There has been a lot of political push and pull recently concerning increased funding for the IRS and its ability to carry out audits. Some of this was recently pulled back by Republicans as part of the debt ceiling agreement. Critics of this move claimed that it was for the benefit of the wealthy, and now there seems to be some backup to that.
A recent study based on 710,000 audits from 2010-2014 found that an additional $1 spent on audits of top earners (those above the 90th income percentile) brought in over $12 of revenue. Audits of below-median income taxpayers only yielded $5.
The study states that, “While audit costs rise with taxpayer income, the same is true for audit revenue. In fact, the additional costs stemming from the complexity associated with auditing high-income taxpayers are more than offset by additional revenues."
This definitely seems to legitimize the idea that adding increased funding to the IRS’s audit power more than pays for itself. After all, if you could be guaranteed a 12 times return on investment, you would immediately start moving a lot of money.
And why would you want to take money away from that investment then?
I don’t want to push this any further and get too political, for I can certainly appreciate arguments saying many of these people who would be affected are being unfairly taxed. After all, we are talking about a complicated system that is difficult to make fair to everyone. But I do believe that people should have to fulfill their obligations under the rules in place.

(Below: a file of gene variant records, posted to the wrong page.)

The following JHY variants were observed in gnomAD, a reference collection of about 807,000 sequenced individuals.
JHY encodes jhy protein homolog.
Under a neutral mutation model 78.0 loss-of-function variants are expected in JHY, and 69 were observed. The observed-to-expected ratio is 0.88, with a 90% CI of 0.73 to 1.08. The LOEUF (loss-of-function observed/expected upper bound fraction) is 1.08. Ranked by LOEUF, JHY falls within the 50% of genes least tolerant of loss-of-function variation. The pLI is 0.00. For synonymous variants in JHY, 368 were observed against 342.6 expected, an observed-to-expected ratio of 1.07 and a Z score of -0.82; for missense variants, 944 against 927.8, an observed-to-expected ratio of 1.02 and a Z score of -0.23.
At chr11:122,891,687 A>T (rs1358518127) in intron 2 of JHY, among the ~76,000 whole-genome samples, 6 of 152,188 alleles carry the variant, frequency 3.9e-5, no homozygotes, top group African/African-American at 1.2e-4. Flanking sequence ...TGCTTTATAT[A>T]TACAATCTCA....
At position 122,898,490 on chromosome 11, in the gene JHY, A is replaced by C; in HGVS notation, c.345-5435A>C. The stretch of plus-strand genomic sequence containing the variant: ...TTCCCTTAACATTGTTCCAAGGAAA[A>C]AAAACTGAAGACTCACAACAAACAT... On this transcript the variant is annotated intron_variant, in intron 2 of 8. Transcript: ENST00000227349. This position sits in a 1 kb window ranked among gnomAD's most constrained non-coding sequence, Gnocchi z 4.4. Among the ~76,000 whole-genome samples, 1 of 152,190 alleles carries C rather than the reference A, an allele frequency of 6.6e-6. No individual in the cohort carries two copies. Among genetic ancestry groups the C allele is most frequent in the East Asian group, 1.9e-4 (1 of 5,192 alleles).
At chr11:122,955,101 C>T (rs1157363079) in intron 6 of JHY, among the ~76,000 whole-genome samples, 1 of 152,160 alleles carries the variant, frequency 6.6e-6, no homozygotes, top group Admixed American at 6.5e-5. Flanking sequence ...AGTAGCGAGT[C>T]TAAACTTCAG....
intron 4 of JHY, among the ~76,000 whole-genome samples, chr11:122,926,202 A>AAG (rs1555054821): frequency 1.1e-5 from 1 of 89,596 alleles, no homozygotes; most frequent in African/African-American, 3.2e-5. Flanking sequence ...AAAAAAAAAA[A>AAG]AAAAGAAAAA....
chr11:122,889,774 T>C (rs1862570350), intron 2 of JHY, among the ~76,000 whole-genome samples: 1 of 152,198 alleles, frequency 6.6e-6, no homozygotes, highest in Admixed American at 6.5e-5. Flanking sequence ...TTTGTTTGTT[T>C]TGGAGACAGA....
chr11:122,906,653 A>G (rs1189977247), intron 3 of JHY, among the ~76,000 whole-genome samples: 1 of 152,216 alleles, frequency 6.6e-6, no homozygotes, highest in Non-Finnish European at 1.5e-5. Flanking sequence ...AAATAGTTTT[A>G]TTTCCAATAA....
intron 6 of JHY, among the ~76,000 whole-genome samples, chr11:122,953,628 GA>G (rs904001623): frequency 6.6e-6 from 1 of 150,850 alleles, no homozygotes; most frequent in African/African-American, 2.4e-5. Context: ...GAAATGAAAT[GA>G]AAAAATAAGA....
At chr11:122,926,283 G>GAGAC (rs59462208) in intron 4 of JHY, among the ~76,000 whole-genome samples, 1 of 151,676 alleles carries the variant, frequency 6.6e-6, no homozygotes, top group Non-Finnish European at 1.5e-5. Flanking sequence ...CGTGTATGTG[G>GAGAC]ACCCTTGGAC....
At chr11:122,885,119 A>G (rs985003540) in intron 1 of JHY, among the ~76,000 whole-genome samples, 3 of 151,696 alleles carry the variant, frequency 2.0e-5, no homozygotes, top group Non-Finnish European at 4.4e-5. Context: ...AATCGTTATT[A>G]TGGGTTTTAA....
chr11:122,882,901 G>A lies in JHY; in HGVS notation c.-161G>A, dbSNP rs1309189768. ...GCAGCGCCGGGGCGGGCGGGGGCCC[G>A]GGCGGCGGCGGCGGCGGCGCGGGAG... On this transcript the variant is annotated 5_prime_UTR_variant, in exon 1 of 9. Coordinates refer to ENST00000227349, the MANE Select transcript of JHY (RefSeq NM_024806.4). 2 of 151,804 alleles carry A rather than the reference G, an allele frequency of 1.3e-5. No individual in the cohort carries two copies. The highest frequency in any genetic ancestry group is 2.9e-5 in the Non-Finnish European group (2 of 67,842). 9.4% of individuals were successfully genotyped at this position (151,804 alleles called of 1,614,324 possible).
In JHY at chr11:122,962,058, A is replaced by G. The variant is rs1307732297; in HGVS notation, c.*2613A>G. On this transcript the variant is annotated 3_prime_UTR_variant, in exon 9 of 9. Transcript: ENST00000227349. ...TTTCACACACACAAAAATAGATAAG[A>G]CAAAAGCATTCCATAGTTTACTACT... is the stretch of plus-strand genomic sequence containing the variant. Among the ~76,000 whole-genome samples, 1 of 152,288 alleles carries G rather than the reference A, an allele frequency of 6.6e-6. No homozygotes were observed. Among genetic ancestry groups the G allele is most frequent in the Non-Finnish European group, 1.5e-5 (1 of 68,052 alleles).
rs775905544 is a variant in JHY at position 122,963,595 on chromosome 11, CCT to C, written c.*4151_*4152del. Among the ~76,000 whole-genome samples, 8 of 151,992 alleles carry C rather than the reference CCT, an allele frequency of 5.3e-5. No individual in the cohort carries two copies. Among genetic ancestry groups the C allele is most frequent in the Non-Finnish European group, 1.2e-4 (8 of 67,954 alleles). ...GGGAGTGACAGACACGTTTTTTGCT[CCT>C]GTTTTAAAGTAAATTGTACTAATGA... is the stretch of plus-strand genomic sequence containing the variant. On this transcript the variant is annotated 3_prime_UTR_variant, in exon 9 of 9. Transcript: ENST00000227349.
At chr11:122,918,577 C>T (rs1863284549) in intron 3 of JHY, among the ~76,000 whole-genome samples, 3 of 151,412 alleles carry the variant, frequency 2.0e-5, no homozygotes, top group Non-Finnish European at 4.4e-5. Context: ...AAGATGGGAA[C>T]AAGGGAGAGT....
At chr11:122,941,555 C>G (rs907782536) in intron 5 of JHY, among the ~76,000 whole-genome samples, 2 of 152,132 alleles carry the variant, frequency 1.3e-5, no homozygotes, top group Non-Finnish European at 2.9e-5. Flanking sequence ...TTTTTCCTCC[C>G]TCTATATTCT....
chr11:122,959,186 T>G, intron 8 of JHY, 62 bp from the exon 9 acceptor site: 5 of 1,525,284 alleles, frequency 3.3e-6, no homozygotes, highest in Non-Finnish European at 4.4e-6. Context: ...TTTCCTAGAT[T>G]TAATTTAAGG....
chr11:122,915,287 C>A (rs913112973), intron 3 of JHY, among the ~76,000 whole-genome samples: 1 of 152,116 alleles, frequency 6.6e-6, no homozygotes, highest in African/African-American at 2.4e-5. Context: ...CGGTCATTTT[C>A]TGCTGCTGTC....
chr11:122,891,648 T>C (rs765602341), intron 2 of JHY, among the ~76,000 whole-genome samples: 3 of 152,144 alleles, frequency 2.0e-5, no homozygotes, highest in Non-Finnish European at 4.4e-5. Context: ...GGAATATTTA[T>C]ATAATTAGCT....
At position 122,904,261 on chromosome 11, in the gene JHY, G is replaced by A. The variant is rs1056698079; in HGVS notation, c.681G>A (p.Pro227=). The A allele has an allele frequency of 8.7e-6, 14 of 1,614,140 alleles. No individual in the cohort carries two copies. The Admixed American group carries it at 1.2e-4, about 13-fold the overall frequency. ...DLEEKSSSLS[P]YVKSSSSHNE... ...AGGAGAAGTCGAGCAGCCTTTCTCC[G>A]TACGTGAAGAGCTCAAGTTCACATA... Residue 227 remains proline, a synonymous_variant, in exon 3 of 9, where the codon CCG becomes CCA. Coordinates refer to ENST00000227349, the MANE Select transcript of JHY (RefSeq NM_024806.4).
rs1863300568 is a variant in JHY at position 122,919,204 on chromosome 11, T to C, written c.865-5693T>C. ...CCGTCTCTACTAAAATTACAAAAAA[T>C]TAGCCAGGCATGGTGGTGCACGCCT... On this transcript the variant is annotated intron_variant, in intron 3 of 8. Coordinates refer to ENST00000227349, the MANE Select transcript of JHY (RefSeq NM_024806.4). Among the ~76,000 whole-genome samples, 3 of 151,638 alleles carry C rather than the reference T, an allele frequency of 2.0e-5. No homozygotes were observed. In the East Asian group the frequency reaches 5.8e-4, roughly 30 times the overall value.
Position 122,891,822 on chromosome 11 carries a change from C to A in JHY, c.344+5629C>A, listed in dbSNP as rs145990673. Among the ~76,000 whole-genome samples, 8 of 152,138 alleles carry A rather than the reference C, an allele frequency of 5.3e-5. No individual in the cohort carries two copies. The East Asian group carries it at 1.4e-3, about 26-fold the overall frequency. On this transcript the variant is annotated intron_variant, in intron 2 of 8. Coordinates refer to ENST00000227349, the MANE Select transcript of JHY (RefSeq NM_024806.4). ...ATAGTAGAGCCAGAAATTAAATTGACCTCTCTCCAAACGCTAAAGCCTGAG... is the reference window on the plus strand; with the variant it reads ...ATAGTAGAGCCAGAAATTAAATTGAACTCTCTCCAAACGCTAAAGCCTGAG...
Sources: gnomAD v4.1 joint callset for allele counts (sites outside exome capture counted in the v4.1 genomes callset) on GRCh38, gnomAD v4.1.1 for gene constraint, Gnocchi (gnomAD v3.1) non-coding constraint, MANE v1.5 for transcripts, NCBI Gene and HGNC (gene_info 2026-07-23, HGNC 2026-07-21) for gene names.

For those still with me, the report’s conclusions state:
“On average, the direct revenues collected by audits surpass the cost by more than 2 to 1, but that ratio varies widely by income. Audits of taxpayers in the bottom 50% of the income distribution do not break even, producing 96 cents for each $1 in cost. Audits in the 70th to 80th percentiles return $1.58 for each dollar in auditing costs; in the 90th to 99th percentiles, audits return $2.18 for every $1, and for audits in the top 0.1%, the return is $6.29.
“The researchers get to the figure of $12 in revenue from the highest-income taxpayers by including the effects of deterrence: Following an audit, people pay more taxes for a minimum of 10 years and a maximum of 14 years. The revenue generated is three times greater than what is collected during the initial audit.”
So even if the idea of an audit is frightening no matter who you are, letting them achieve the desired outcome would seem to be something we could all agree on – especially if they can be so effective. And as always, the best way to avoid a stressful audit is to submit a legitimate tax return.
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